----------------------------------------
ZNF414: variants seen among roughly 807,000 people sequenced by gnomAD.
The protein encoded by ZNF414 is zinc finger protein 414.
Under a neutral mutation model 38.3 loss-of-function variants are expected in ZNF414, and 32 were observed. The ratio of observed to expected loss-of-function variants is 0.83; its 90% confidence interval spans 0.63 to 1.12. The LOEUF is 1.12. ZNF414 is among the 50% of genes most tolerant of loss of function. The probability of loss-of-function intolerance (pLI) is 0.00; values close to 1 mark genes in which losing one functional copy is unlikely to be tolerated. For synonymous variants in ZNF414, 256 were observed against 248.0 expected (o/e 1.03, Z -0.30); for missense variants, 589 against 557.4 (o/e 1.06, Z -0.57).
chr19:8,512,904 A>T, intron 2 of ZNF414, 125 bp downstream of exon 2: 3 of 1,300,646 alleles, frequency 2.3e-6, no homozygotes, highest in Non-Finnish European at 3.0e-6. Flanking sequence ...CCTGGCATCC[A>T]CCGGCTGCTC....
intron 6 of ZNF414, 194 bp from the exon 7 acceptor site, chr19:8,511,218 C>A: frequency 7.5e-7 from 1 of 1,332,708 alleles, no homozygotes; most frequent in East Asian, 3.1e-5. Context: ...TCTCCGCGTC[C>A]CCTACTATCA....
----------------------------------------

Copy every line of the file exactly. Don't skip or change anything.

ZNF414: variants seen among roughly 807,000 people sequenced by gnomAD.
The protein encoded by ZNF414 is zinc finger protein 414.
Under a neutral mutation model 38.3 loss-of-function variants are expected in ZNF414, and 32 were observed. The ratio of observed to expected loss-of-function variants is 0.83; its 90% confidence interval spans 0.63 to 1.12. The LOEUF is 1.12. ZNF414 is among the 50% of genes most tolerant of loss of function. The probability of loss-of-function intolerance (pLI) is 0.00; values close to 1 mark genes in which losing one functional copy is unlikely to be tolerated. For synonymous variants in ZNF414, 256 were observed against 248.0 expected (o/e 1.03, Z -0.30); for missense variants, 589 against 557.4 (o/e 1.06, Z -0.57).
chr19:8,512,904 A>T, intron 2 of ZNF414, 125 bp downstream of exon 2: 3 of 1,300,646 alleles, frequency 2.3e-6, no homozygotes, highest in Non-Finnish European at 3.0e-6. Flanking sequence ...CCTGGCATCC[A>T]CCGGCTGCTC....
intron 6 of ZNF414, 194 bp from the exon 7 acceptor site, chr19:8,511,218 C>A: frequency 7.5e-7 from 1 of 1,332,708 alleles, no homozygotes; most frequent in East Asian, 3.1e-5. Context: ...TCTCCGCGTC[C>A]CCTACTATCA....